Steve Foster at Inside the Rockies has added a couple of preview discussion posts for the Rockies catcher and first base positions. Second base should be coming today, it's probably been posted while I've been writing this.
In case you missed it in the comments to yesterday's Rockpile, Jim McClennan at AZ Snakepit has interviewed Josh Byrnes. While he promises the Rockies come up in part two of the interview next week, he does bring up a concern about the team that I've addressed here in part one, that the Diamondbacks are in a "win now" mode. Byrnes doesn't exactly answer the real pertinent part of that question (that there's an implication that the team will have to rebuild in a season or two) which is wise on his part, so I wouldn't blame him.
We can continue to get a sense of the complete picture in Arizona by putting all the evidence together, and Byrnes' interview as well as this discussion mlb.com beat writer Steve Gilbert had with managing general partner Ken Kendrick do add some clues. The key quote from that one with regard to the NL West would be this:
"Maybe some of them have less need to make changes, and it's not over yet. There are still guys to be signed, but we think our moves, and comparing them to how we stack up against our rivals, we feel better about our chances than even we did this time a year ago. I think we have a better competitive opportunity in our division than we had a year ago."
This somewhat smacks of revisionist history, because at least until Brandon Webb's issues were known to be serious, the Diamondbacks were considered the most competitive rival to the Dodgers in 2009 by just about every source I looked at and if Kendrick says he didn't think so, either he's lying now or he was lying then. At any rate, this confirms a suspicion that I had that certain unnamed "rival executives" mentioned in a Buster Olney mailbag about a month ago being emboldened by the Dodgers inactivity referred almost solely to the Diamondbacks.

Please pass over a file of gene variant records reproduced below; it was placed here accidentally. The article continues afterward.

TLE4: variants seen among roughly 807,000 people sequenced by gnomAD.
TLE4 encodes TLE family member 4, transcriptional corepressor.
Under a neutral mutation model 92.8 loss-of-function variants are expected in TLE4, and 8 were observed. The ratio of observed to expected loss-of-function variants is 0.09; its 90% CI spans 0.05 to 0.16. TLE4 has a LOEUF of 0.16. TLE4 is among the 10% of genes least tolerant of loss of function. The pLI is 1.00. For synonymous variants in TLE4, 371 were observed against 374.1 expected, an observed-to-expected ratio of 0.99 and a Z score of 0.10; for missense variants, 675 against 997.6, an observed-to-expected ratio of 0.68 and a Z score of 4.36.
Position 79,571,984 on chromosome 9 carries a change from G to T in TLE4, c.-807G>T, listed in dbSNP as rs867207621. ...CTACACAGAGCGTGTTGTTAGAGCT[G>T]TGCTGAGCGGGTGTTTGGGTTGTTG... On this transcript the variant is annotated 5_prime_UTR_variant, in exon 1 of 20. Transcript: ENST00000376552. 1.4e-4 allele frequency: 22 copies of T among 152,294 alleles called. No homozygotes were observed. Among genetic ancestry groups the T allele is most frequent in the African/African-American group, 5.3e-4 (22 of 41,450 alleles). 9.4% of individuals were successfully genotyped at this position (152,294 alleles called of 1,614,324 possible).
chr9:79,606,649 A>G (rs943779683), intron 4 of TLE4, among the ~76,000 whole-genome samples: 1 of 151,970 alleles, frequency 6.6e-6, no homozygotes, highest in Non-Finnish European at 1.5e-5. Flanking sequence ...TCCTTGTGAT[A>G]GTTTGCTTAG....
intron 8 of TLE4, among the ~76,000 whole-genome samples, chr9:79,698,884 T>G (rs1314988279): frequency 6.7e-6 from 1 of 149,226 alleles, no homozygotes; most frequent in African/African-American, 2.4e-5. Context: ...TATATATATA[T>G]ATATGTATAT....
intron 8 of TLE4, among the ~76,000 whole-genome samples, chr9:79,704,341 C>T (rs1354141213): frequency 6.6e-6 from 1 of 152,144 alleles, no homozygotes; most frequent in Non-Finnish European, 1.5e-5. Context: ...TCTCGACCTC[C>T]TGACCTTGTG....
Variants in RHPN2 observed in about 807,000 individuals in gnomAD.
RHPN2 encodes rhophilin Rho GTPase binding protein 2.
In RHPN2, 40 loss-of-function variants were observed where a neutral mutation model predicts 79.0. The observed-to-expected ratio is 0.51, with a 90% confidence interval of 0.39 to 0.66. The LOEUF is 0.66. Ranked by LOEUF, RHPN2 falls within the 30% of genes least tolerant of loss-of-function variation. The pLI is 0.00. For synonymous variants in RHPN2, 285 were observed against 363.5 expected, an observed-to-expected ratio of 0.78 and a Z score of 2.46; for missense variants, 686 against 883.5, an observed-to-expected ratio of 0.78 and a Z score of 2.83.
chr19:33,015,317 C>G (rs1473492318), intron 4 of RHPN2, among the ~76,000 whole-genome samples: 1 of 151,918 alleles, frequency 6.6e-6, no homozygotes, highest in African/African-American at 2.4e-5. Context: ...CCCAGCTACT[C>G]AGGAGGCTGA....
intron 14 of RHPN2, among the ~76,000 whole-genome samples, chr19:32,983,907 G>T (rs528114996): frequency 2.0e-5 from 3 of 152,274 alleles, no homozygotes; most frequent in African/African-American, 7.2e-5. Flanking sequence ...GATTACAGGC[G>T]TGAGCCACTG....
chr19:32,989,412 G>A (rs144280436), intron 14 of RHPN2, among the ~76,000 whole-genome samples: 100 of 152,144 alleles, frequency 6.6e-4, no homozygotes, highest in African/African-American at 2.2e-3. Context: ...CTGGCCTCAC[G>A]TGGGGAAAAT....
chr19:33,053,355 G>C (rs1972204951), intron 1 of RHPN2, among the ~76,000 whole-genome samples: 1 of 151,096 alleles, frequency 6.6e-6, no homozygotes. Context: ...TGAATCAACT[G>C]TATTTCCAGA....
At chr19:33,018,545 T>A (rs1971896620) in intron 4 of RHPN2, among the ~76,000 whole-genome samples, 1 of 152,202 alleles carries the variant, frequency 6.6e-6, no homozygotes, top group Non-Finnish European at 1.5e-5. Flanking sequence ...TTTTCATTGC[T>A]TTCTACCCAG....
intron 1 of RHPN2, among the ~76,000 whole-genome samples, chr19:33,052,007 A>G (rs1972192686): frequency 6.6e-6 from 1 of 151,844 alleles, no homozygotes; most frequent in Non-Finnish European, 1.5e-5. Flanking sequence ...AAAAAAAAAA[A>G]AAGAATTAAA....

Troy Renck has a mailbag up in which he delves a bit into the status of a couple of pitchers we haven't talked much about this winter, Casey Weathers and Franklin Morales. Renck's feel is that Morales is better suited as a reliever. I would point out that this reminds me very much of where Jorge De La Rosa was a few seasons ago with Milwaukee, when the consensus was to move him to the bullpen as well. At any rate and regardless of what inning he enters, Morales should be a valuable part of the 2010 team.
Renck also blogs on Yorvit Torrealba and picks up on an interesting question I noticed yesterday, that two of our primary rivals have some honest-to-goodness wild cards in their rotations that they are relying heavily on. Brandon Webb and Clayton Kershaw are both capable of ace level production, but because of Kershaw's youth and inexperience and Webb's shoulder, both could swing far south of that in 2010. If either falters, it's pretty much lights out for their respective teams this season because neither really has a plan B for either of those starters.
Okay, this is where I'm going to segue into a tangent. Who is the bigger risk for their team? A few weeks ago I looked into what the Rockies needed from Jeff Francis (or his replacement if he proves incapable). I knew it wasn't quite what the team lost with Jason Marquis, so maybe a quick version of the same exercise would be useful for the Webb/Kershaw debate.